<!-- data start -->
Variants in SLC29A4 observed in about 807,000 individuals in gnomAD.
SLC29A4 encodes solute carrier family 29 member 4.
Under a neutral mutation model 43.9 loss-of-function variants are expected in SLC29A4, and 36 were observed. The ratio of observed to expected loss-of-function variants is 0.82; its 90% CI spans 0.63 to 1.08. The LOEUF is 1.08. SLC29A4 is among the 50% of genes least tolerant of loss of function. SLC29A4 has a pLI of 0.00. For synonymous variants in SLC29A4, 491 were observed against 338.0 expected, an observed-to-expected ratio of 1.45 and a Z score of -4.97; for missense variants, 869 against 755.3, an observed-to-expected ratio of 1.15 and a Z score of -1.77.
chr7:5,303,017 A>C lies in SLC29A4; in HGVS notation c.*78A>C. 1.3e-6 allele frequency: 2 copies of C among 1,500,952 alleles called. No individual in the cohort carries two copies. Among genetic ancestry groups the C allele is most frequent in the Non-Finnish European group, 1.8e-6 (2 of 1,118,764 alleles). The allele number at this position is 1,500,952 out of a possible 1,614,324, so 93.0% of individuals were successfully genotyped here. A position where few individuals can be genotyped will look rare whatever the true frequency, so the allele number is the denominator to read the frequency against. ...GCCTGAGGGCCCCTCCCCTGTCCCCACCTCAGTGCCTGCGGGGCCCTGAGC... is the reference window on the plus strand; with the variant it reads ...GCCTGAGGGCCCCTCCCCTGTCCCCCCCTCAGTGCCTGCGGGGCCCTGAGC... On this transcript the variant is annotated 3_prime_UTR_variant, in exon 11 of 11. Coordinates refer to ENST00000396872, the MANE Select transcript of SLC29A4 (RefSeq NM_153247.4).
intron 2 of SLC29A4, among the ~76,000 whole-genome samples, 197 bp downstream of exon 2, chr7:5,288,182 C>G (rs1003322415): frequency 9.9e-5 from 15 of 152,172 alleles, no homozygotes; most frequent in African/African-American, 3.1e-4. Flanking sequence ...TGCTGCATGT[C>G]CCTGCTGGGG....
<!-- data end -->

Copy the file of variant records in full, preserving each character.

Variants in SLC29A4 observed in about 807,000 individuals in gnomAD.
SLC29A4 encodes solute carrier family 29 member 4.
Under a neutral mutation model 43.9 loss-of-function variants are expected in SLC29A4, and 36 were observed. The ratio of observed to expected loss-of-function variants is 0.82; its 90% CI spans 0.63 to 1.08. The LOEUF is 1.08. SLC29A4 is among the 50% of genes least tolerant of loss of function. SLC29A4 has a pLI of 0.00. For synonymous variants in SLC29A4, 491 were observed against 338.0 expected, an observed-to-expected ratio of 1.45 and a Z score of -4.97; for missense variants, 869 against 755.3, an observed-to-expected ratio of 1.15 and a Z score of -1.77.
chr7:5,303,017 A>C lies in SLC29A4; in HGVS notation c.*78A>C. 1.3e-6 allele frequency: 2 copies of C among 1,500,952 alleles called. No individual in the cohort carries two copies. Among genetic ancestry groups the C allele is most frequent in the Non-Finnish European group, 1.8e-6 (2 of 1,118,764 alleles). The allele number at this position is 1,500,952 out of a possible 1,614,324, so 93.0% of individuals were successfully genotyped here. A position where few individuals can be genotyped will look rare whatever the true frequency, so the allele number is the denominator to read the frequency against. ...GCCTGAGGGCCCCTCCCCTGTCCCCACCTCAGTGCCTGCGGGGCCCTGAGC... is the reference window on the plus strand; with the variant it reads ...GCCTGAGGGCCCCTCCCCTGTCCCCCCCTCAGTGCCTGCGGGGCCCTGAGC... On this transcript the variant is annotated 3_prime_UTR_variant, in exon 11 of 11. Coordinates refer to ENST00000396872, the MANE Select transcript of SLC29A4 (RefSeq NM_153247.4).
intron 2 of SLC29A4, among the ~76,000 whole-genome samples, 197 bp downstream of exon 2, chr7:5,288,182 C>G (rs1003322415): frequency 9.9e-5 from 15 of 152,172 alleles, no homozygotes; most frequent in African/African-American, 3.1e-4. Flanking sequence ...TGCTGCATGT[C>G]CCTGCTGGGG....